Despite having three children, the eldest of whom is six, and having been on holiday three times with our biggest two, we had never taken a baby abroad before May this year.
There are a few reasons why we hadn’t taken the plunge sooner but if I’m honest, the chief reason is that we had simply assumed that holidaying with a baby would be a nightmare. It just felt like there was so much potential for stress and disaster.
Firstly, there’s the packing. Babies come with all manner of kit and caboodle and we’d surely have to pack the kitchen sink. Then there were all the horror stories we’d heard about babies screaming for the duration of the flight, while all the other passengers stared and tutted.
At the other side, we’d no doubt spend all week worrying about sunburn and changes to nap routines – it wouldn’t feel like a holiday, would it?
We were pleasantly surprised, therefore, to find that almost all our travelling-with-baby fears were quashed when we headed to the Martinhal Sagres Family Resort with a five-month-old (and a three-year-old, and a six-year-old).
It was a lot easier than we had imagined and we have been kicking ourselves retrospectively for not taking our firstborn abroad as a baby, or our second-born, and waiting until we had triple the trouble to brave it.
In fact, at many points during the week it was our bigger boys, and their continuous demands for snacks, alongside their insistence on ‘wrestling’ each other at any given opportunity, that proved more stressful than the baby!
The airport security, which I had been dreading, particularly after I’d had a panic about how dodgy the white powder in our formula dispensers looked, went smoothly.
We’d read up online to find out what we could take through in our hand-luggage and knew there was a chance we might get asked to taste-test any readymade bottles we were carrying (we didn’t, in the end).
We knew we would be able to take the pushchair all the way to the steps of the plane, which meant that other than handing it over to go through the security scanner, we had the pram on hand if the baby got cross with us holding him (which he did, in departures!).
The advice we’d read, from both the airline and our local airport, was clear and it was easy to work out in advance what we would or wouldn’t be allowed to do or take.
It was zero hassle checking in a car seat with our luggage and we opted for a destination with a short flight time, of which he only screamed for around ten minutes in the end and our fellow passengers were lovely about it – all in all, a lot more painless than anticipated!
We did end up packing quite a lot of stuff, partly because our baby has reflux and gets through more outfit changes than Beyoncé, but as we had booked through Tots to Travel we’d been able to request a range of the bulkier items in advance – high chair, travel cot, steriliser, booster seat, bouncer chair – and were also provided with some of the smaller items, including books and toys, that made the apartment a home away from home and meant we didn’t have to pack our own.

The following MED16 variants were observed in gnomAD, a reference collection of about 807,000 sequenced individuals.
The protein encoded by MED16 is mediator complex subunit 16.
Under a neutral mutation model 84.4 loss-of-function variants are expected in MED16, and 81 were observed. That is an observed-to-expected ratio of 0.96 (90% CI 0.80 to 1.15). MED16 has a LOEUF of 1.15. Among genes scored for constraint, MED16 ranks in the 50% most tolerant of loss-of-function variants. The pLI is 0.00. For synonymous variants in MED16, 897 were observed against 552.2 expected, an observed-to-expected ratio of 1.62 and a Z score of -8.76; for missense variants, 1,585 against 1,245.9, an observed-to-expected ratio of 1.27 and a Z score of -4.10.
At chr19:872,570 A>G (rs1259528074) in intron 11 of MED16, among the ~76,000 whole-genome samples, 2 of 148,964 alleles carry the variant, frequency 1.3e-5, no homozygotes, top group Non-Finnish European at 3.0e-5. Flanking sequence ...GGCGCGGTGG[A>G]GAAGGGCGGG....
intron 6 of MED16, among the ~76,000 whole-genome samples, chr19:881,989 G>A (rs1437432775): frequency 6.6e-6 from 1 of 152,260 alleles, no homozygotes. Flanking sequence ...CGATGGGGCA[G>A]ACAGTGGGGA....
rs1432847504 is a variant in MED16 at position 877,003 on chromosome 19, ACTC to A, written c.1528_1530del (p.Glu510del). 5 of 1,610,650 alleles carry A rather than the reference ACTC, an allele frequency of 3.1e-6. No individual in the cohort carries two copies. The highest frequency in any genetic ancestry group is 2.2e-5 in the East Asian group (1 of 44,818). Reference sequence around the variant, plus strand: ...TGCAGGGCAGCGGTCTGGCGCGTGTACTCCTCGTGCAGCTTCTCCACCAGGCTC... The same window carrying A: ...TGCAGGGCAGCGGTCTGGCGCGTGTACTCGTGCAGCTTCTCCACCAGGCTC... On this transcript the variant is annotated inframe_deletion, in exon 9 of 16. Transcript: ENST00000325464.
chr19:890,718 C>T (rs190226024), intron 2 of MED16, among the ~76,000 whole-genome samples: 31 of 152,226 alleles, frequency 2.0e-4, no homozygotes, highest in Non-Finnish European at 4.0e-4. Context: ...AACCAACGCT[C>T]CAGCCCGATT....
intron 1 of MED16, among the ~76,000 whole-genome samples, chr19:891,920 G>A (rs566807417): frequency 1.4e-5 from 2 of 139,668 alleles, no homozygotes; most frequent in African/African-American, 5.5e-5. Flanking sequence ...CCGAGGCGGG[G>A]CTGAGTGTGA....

As it turned out, even the reflux was less stressful on holiday because any baby clothes or bibs we washed would dry within minutes on the balcony.
The only fear we’d had which turned out to be at least partially true was our worry that the baby wouldn’t adapt to a new routine on holiday.
As adults, it almost feels like a switch is activated when you step off the plane on arrival – ‘holiday mode’ is triggered and for the week or two you are away, normal rules and routines go out of the window.
Babies don’t always get the holiday-mode memo and it wasn’t long before we realised there would be no break from our routine, particularly the bedtime one, simply because we were in Portugal.
Of course, there are many babies who are happy to stay up a bit later, or who will sleep anywhere, and if you have one of those you can make the most of evening strolls on the beach or meals in the restaurant with a baby in tow.
Our baby is simply not a pram-napper. Nor will he nap in the baby carrier if his body clock is shouting ‘IT’S BEDTIME!’ so we were a tiny bit restricted by having to get back to the apartment to put him down to bed at 6:30PM but it didn’t affect our overall enjoyment of the week.
It just meant we ended up shifting how our days were arranged, opting to have a main meal and a glass of something cold at lunchtime, rather than in the evenings.
Above all else, our original assertion that taking a baby abroad just ‘wouldn’t be worth it’ was proved wrong in the very special moments we had as a family together.
Dipping his toes in the pool, allowing him to taste some new foods (the restaurants at Martinhal have a special baby food menu which is top-notch!) and watching as he giggled in delight at his brothers’ splashing in the pool.
He won’t remember holidaying as a baby, of course, but we will. It was 100% worth it.